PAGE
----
Noseeum Mountain

Inspired by a recent trip report by Marko Stavric (who was inspired by Vern Dewit who, in turn, was inspired by Andrew Nugara), Bob Spirko invited me to join him for an ascent of Noseeum Mountain in Alberta's Banff National Park on 9 August 2014.  Starting from an undeveloped pullout along the Icefield Parkway, we hiked up the south side of Noseeum Creek on smatterings of a trail.  It did not take us long to clear the trees, and we were soon tip-toeing across rubble to the base of a steep headwall.  A steep trail goes up to climber's right of some cascades, but we had some trouble locating the start of the trail.  Unfazed, we scrambled up a steep gully and quickly found the trail higher up.  The trail led us through a short forested section and past another set of cascades where we suddenly came upon a large group of six hikers.  These hikers had actually started out before us, but they had climbed the headwall to climber's left of the cascades.  Furthermore, four of them were former acquaintances of Bob and had hiked or snowshoed with him in the past.  After some friendly introductions, we all decided to continue the trip together as one big group.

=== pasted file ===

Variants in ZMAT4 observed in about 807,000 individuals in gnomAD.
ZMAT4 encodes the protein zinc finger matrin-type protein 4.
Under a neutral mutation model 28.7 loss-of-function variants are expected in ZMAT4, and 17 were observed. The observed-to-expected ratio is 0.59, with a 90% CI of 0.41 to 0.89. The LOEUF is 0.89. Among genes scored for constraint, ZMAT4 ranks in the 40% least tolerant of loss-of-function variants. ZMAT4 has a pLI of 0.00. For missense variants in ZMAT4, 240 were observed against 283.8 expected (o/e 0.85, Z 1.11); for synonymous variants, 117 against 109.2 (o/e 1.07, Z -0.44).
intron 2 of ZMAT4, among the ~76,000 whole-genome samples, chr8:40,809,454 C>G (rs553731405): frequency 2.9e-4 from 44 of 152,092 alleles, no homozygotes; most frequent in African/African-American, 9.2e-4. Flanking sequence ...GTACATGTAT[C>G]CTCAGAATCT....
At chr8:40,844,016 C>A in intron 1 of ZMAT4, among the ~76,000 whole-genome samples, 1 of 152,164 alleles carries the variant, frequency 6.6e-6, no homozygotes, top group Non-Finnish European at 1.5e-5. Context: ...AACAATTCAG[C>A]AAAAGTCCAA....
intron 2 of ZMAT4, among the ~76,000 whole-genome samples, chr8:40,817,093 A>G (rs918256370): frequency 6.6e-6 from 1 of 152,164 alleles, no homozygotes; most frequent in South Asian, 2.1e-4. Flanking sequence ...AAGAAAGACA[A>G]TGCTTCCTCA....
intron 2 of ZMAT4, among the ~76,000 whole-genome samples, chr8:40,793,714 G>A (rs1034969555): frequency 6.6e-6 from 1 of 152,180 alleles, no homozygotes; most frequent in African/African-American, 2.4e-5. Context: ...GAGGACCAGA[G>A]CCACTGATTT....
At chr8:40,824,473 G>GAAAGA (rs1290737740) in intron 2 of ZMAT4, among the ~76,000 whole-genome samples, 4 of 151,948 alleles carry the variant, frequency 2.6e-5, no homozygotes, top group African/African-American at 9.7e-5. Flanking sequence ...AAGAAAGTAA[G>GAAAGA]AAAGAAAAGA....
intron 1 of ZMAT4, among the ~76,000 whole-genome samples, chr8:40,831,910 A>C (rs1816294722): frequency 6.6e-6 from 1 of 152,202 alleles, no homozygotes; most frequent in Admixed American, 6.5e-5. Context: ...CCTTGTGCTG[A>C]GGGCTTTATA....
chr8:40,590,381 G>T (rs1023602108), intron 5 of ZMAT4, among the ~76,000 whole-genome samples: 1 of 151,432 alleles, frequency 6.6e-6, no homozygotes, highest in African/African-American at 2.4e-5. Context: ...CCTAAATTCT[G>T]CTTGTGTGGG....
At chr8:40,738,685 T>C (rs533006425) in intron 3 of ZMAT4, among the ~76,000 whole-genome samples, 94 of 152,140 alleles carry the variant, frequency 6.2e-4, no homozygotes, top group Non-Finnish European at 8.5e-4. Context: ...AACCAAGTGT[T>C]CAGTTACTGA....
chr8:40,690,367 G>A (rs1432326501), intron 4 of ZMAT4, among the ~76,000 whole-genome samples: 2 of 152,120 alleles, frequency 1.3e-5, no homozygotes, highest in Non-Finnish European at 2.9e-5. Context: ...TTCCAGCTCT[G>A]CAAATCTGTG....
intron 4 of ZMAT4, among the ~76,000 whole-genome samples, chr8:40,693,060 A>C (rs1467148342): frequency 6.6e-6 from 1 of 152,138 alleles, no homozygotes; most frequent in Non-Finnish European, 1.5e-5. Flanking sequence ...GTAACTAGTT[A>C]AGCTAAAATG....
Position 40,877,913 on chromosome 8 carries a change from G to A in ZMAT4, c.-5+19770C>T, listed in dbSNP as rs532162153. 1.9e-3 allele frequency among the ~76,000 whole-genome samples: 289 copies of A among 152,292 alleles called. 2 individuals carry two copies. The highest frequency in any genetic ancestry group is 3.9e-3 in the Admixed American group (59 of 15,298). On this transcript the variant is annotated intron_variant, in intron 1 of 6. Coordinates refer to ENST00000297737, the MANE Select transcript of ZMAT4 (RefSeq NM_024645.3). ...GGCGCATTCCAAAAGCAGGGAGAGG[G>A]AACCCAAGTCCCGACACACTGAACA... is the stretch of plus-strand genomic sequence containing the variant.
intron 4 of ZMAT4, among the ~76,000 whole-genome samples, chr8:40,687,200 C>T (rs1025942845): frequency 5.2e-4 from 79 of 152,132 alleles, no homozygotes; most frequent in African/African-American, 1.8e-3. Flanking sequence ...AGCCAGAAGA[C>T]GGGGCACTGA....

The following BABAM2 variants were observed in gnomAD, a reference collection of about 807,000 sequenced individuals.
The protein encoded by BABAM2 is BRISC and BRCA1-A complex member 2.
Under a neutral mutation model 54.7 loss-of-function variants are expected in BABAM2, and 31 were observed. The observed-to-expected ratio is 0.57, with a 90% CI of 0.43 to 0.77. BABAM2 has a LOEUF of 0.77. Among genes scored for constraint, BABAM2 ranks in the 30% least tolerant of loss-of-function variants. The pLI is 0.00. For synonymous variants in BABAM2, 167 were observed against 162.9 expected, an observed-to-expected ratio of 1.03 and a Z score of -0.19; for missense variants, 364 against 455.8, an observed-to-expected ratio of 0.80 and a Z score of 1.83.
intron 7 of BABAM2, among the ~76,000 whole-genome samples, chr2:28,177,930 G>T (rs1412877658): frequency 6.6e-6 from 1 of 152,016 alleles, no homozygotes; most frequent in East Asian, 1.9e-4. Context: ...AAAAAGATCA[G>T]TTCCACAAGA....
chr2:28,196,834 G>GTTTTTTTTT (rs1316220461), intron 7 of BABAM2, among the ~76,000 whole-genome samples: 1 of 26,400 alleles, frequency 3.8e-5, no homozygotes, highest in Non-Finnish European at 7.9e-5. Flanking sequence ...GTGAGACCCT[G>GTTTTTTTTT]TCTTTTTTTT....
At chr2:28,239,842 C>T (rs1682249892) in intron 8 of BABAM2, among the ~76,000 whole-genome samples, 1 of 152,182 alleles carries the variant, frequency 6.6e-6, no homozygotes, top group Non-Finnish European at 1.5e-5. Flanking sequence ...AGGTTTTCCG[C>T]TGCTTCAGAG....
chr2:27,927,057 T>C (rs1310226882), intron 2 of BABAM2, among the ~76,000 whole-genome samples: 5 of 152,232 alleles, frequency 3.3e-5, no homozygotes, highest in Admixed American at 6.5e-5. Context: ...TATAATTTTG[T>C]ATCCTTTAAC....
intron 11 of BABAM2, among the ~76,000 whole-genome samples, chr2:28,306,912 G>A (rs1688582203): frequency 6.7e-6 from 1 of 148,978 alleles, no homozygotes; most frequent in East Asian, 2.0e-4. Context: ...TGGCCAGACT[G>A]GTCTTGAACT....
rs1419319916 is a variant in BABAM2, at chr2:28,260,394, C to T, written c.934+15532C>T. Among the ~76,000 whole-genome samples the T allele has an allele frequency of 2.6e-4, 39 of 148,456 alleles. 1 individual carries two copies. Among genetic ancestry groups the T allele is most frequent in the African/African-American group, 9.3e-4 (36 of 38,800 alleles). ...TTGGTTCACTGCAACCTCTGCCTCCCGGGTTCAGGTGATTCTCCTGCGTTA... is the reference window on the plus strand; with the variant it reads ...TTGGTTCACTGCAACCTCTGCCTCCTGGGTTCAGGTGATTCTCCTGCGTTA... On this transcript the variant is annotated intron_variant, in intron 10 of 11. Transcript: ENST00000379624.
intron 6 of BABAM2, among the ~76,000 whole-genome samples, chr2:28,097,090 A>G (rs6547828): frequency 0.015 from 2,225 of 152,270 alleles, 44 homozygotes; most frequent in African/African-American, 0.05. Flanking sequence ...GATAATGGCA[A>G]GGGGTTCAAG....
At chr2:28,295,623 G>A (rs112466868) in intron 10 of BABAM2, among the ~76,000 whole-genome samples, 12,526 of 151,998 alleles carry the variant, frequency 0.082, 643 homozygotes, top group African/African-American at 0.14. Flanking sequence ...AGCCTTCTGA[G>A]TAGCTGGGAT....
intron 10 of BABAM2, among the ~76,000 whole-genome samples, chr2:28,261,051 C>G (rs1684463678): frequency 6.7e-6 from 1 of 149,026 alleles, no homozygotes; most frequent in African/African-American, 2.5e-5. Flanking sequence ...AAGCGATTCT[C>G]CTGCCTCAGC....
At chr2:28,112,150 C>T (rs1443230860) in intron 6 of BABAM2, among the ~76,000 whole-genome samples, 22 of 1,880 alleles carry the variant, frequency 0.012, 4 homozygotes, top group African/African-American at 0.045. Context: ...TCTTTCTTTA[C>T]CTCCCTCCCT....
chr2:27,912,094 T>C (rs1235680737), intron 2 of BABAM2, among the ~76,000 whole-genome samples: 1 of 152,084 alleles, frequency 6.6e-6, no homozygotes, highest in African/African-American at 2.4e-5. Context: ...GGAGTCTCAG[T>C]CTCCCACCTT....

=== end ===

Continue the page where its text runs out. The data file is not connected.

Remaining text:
Above the headwall, we crossed a small plateau before scrambling up through a short cliff band to reach Noseeum Lake.  As Stavric had mentioned in his report, the lake and its surroundings are a worthy destination in their own right, and it was awfully tempting to just sit down and lounge about for the rest of the day.  Instead, we worked our way northward aiming for an obvious scree gully which grants access to the ridge crest leading to Noseeum Mountain's summit.  This gully is both steep and loose, and with such a large group, we had to be extra cautious to avoid knocking rocks down on each other.  Bob was the only one among us who had the forethought to bring a helmet, but ironically, he ended up climbing the gully without donning it!  From the col at the top of the gully, we enjoyed an easy hike all the way to the spacious summit of Noseeum Mountain.  For such an unassuming peak, the views from its summit on this day were extraordinary.

After an extended break, we more or less retraced our steps back to the col.  The gully again proved to be challenging due to the size of our group and the looseness of the rock.  Thankfully, we all made it down safely without a scrape, and after another short break, we continued our descent.  At the bottom of the headwall, we again encountered some route-finding difficulties, but after backtracking a bit, we finally found the correct access route--a shallow, eroded gully just to climber's left of the steep gully that Bob and I had climbed earlier in the day.  The rest of our hike out Noseeum Creek was trouble-free.